Case of the Month: July, 2011, Page 6

Answer: C. Tip

Key Points

  • Appendiceal neoplasms should be considered as a rare cause of focal appendiceal thickening.
  • The most common appendiceal neoplasm is carcinoid.
  • The appendix is the most common site in the gastrointestinal tract for carcinoid tumors to occur.
  • Most appendiceal carcinoids are located at the tip of the appendix, are less than 2 cm, and are benign.
  • Carcinoid syndrome in association with appendiceal carcinoid is rare.

Discussion

In this case, carcinoid tumor of the appendix presented with similar radiographic appearance to acute appendicitis. A CT scan showed thickening of the appendix, especially at the tip, and associated mesenteric stranding. Rarely, appendiceal pathology may be due to neoplasm such as carcinoid.

Carcinoid tumor of the appendix is usually discovered incidentally following appendectomy. This occurs with a frequency of 2 to over 10 cases per 1000 appendectomies, depending on the series. Most of these lesions occur at the tip of the appendix and may cause gangrenous perforation of the appendix. As in this case, this may lead to formation of periappendiceal abscess and appear similar to perforated appendicitis.

Carcinoid tumor of the appendix is the most common appendiceal neoplasm. Likewise, the appendix is the most common location for carcinoid tumor to occur within the gastrointestinal tract.

Carcinoid tumors of the appendix are usually benign. However, if the tumor is over 2 cm in diameter it is more likely to exhibit malignant behavior. Lesions less than 2 cm in diameter invade the appendiceal wall in 25% of cases but only 3% metastasize to lymph nodes. Hepatic metastases and the carcinoid syndrome are considered rare.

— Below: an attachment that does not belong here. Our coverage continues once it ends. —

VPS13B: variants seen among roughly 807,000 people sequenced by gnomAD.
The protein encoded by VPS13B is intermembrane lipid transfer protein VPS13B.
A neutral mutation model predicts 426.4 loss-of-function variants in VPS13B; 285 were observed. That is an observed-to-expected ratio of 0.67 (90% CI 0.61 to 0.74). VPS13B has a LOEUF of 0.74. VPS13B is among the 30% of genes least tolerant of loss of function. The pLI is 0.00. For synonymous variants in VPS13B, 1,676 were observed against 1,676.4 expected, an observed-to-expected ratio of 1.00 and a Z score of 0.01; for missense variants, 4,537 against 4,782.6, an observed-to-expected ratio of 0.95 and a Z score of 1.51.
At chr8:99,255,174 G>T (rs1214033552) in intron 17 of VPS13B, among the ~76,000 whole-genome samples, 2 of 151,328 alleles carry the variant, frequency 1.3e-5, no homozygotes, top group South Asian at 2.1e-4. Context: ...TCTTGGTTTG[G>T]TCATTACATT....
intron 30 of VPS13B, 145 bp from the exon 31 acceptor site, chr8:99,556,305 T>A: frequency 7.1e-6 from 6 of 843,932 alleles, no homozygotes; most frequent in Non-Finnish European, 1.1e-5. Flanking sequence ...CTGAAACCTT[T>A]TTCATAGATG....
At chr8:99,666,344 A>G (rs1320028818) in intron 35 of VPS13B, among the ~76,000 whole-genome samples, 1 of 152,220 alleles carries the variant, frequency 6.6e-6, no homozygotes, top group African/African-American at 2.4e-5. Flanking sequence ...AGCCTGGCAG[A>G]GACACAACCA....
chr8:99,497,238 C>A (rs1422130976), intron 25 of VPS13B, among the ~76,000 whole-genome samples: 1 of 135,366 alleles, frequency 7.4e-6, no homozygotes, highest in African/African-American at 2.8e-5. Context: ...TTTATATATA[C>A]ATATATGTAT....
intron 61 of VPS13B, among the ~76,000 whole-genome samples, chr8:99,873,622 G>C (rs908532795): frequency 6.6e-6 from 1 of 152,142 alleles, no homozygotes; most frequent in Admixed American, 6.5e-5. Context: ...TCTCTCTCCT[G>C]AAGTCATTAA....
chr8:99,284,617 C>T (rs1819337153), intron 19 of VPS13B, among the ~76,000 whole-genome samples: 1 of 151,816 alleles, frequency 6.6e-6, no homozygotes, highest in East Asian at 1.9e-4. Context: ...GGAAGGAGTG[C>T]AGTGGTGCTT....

Appendectomy alone is adequate treatment unless the lymph nodes are visibly involved, the tumor is more than 2 cm in diameter, mucinous elements are present in the tumor (adenocarcinoid), or the mesoappendix or base of the cecum is invaded. Right hemicolectomy is recommended for these more aggressive lesions.

References

  • Parkes SE, Muir KR, Al Sheyyab M, et al. Carcinoid tumors of the appendix in children 1957-1986: incidence, treatment and outcome. Br J Surg 1993;80:502-504.
  • Doede T, Foss HD, Waldschmith J. Carcinoid tumors of the appendix in children: epidemiology, clinical aspects and procedure. Eur J Ped Surg 2000;10:372-377.
  • Dall'Igna, Patrizia; Ferrari, Andrea; Luzzatto, Claudia; Bisogno, Gianni; Casanova, Michela; Alaggio, Rita; Terenziani, Monica; Cecchetto, Giovanni. Carcinoid Tumor of the Appendix in Childhood: The Experience of Two Italian Institutions. Journal of Pediatric Gastroenterology & Nutrition: February 2005; Volume 40, Issue 2: 216-219.
  • Copron CA, Black T, Herzog CE, et al. A half century experience with carcinoid tumors in children. Am J Surg 1995;170:606-608.
  • Moertel CL, Weiland LH, Telander RL. Carcinoid tumor of the appendix in the first two decades of life. J Ped Surg 1990;25:1073-1075.
  • R. Price, R. Jeffrey, S. Vasanawala. Appendiceal hyperemia and/or distention is not always appendicitis: appendicitis mimicry in the pediatric population Clinical Imaging, Volume 33, Issue 5, Pages 402-405.

 

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